Rosmarinus officinalis, commonly called rosemary is an aromatic herb indigenous to the Mediterranean area. Rosemary is traditionally known as the herb of remembrance and friendship. Also known as Mary's mantle and compass weed, rosemary is a lovely, sweet scented, shrubby perennial in Mediterranean countries that can be grown as an annual in Northern climates or as an indoor potted plant. Rosemary has needlelike leaves and delicate light blue flowers. Mature plants can live for over 30 years.
How to Grow Rosemary
Rosemary grows best in full sun but will tolerate semi-shade. This plant grows best in light, well-drained soil. Let rosemary become moderately dry between waterings, as root rot can be a problem in soggy soils. Mist the leaves every second week. Rosemary grows 3 - 6 feet (1 - 2 m) tall outdoors. Indoors, rosemary benefits by harvesting tip cuttings that will keep the plant fuller and bushier. Rosemary's leaves are dark green on top with silvery undersides.
Rosemary is slow to germinate and grow from seed so it is best to buy plants or propagate rosemary from stem cuttings. If you are growing this herb indoors, rosemary thrives when moved outdoors for the summer. Leave rosemary in pots in the garden as it seems to be able to adjust to moving back in-doors more successfully. Move back indoors before the first frost, check for insects, and if there is an infestation, spray with a soap and water spray.
Rosemary requires at least 4 hours of direct sunlight a day. If you are growing rosemary on a windowsill, turn regularly to ensure every side receives light. If you are growing rosemary under lights, hang fluorescent lights 6 inches (15 cm) above the plants and leave on for 12 hours.
Rosemary in the Garden
In the garden, rosemary deters cabbage moth, bean beetles, and carrot fly when planted near cabbage, beans, carrots, and sage. In Italy, rosemary is the preferred herb with lamb, veal, and poultry particularly when simmered with olive oil, garlic, and wine. Rosemary should always be used with lamb as it enhances the meat with incomparable flavour. Other uses in the kitchen include tomato dishes, stews, soups, vegetable dishes, pork, rabbit, sausages, fish, shellfish, finely chopped in custards, egg dishes, pickles, jellies, jams, cakes, cookies, salads, and is an essential ingredient in herb breads and biscuits, including focaccia, the classic Italian bread. Rosemary can be added to the cooking water to enliven cauliflower, potatoes, green beans, and peas. Marinades for fish and meats as well as minestrone, chicken, and pea soups benefit from the addition of rosemary. Rosemary has a strong flavour so use sparingly. Leaves, stems, and flowers are all edible. To release the flavour of dried leaves, crush them just before using. Rosemary stems can be used for herb skewers by stripping the leaves and threading vegetables or tender cuts of meat on the stems for broiling.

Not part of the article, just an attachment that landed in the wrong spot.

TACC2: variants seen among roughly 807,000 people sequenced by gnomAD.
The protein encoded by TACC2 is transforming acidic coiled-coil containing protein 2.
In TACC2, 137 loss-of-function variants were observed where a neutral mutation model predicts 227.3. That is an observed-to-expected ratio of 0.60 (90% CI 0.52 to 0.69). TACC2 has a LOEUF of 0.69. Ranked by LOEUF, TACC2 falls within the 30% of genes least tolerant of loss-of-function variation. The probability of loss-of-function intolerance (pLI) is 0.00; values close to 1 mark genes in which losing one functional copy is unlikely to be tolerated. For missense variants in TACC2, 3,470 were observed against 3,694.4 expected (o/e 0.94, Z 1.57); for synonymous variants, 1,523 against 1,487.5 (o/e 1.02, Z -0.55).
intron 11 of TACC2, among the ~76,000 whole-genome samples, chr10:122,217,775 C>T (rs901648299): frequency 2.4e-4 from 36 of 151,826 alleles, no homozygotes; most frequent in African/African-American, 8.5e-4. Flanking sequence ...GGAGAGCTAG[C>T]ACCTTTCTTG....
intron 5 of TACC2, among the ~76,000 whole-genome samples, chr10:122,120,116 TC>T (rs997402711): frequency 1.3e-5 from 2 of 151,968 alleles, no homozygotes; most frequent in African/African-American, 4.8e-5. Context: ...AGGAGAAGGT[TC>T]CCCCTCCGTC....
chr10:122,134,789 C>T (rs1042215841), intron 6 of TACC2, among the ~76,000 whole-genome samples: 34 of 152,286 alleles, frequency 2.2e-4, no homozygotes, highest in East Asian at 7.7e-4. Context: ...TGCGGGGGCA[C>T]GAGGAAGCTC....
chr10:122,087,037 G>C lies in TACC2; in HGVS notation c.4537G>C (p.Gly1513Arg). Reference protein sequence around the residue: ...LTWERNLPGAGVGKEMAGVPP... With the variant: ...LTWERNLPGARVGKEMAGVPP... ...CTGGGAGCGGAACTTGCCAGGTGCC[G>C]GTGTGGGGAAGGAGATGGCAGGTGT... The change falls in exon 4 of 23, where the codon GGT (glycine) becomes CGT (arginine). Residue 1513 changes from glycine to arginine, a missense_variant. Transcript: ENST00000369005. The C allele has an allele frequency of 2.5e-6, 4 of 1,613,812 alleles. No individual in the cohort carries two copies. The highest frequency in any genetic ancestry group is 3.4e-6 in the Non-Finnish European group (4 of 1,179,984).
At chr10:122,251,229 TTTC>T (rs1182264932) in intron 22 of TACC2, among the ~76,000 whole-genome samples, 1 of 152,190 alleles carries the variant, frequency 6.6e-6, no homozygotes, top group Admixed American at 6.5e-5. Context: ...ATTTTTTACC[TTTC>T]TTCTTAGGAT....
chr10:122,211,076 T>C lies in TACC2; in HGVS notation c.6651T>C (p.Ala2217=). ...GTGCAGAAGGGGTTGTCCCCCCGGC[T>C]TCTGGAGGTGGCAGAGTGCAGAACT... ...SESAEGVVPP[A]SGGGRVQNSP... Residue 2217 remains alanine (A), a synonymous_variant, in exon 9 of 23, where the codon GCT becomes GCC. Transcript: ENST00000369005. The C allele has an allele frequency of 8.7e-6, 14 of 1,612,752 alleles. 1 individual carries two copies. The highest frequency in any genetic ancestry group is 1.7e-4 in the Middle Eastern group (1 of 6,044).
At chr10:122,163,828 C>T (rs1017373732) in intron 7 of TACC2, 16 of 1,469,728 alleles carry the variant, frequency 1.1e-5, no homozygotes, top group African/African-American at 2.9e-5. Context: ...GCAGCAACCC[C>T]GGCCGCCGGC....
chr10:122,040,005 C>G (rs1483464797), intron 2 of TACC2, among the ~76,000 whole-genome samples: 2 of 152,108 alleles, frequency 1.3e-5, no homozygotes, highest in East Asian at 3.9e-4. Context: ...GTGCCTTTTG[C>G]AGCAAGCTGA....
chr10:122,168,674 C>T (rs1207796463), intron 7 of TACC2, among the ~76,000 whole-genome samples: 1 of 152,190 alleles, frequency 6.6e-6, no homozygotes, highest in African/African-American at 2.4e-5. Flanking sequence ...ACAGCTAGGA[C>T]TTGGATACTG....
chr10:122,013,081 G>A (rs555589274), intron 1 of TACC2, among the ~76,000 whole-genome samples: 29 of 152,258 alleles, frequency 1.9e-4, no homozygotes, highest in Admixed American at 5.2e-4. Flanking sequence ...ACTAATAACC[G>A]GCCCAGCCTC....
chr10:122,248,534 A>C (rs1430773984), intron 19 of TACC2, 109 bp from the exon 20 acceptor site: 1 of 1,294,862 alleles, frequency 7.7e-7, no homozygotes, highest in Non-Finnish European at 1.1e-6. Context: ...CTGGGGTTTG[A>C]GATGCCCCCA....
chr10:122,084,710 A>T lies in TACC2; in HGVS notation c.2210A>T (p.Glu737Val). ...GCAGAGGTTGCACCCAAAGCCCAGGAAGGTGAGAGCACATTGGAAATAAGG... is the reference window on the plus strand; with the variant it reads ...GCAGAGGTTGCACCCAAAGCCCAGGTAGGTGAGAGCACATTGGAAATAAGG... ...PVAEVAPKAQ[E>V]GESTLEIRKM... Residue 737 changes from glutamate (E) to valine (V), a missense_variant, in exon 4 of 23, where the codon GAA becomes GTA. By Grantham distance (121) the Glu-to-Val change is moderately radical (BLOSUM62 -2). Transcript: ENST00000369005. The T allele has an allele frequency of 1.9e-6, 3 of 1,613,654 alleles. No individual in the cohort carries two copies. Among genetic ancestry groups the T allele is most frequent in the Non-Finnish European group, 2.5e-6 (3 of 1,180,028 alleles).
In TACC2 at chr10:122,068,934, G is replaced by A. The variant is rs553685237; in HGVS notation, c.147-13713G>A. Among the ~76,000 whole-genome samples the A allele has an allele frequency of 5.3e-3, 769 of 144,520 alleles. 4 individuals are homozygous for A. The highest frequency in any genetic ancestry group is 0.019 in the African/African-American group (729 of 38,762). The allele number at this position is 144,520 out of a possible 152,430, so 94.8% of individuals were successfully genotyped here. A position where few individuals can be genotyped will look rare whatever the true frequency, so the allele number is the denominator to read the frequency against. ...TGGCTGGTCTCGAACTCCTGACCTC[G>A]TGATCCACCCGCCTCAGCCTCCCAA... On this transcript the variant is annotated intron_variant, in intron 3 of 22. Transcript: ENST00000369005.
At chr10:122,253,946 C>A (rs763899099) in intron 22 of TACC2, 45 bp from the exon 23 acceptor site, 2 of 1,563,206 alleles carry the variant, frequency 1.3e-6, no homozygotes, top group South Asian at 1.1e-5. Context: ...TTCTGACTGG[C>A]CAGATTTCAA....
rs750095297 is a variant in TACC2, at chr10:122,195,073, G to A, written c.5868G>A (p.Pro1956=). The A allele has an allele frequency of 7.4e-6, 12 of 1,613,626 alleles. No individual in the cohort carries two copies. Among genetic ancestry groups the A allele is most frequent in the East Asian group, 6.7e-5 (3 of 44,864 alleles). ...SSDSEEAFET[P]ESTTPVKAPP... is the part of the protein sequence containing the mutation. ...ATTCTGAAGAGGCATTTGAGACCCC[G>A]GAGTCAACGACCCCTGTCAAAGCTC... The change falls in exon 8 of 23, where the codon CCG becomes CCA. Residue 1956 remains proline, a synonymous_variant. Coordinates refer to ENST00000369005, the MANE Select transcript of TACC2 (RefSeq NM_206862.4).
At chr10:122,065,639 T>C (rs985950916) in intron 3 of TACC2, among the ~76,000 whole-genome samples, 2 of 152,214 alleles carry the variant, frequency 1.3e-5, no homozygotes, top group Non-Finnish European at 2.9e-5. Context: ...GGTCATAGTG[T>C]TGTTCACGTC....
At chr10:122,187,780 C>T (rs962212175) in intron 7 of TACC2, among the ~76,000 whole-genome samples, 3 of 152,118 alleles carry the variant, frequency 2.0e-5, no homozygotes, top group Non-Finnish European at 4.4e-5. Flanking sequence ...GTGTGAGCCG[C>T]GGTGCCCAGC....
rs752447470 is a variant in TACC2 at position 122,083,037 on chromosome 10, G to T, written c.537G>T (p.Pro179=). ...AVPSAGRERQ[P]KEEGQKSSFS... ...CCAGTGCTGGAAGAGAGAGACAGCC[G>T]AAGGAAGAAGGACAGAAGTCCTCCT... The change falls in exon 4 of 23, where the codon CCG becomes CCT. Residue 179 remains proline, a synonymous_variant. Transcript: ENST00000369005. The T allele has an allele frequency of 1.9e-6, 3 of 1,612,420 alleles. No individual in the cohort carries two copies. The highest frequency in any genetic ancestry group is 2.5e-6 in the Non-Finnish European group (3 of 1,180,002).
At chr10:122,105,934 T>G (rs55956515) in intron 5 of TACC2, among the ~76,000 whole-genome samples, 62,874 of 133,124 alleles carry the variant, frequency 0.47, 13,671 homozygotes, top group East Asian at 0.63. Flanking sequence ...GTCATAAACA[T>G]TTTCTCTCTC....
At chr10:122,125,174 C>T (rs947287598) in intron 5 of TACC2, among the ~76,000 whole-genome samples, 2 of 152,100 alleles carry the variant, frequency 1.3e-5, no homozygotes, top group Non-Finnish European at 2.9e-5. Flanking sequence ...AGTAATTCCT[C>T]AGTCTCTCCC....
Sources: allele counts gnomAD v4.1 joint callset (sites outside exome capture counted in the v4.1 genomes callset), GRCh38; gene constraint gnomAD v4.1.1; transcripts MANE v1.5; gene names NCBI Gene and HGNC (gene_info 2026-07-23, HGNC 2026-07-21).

Rosemary can be kept in the fridge for a few days either in plastic bags or with the stems immersed in water. The leaves can be dried by hanging fresh sprigs in a warm, dry place. Strip off leaves before storing.
Gwen Nyhus Stewart, B.S.W., M.G., H.T., is an educator, freelance writer, garden consultant, and author of the book The Healing Garden: A Place Of Peace - Gardening For The Soil, Gardening For The Soul and the booklet Non-toxic Alternatives For Everyday Cleaning And Gardening Products. She owns the website Gwen's Healing Garden where you will find lots of free information about gardening for the soil and gardening for the soul. To find out more about the books and subscribe to her free Newsletter visit http://www.gwenshealinggarden.ca
Gwen Nyhus Stewart © 2004 - 2005. All rights reserved.
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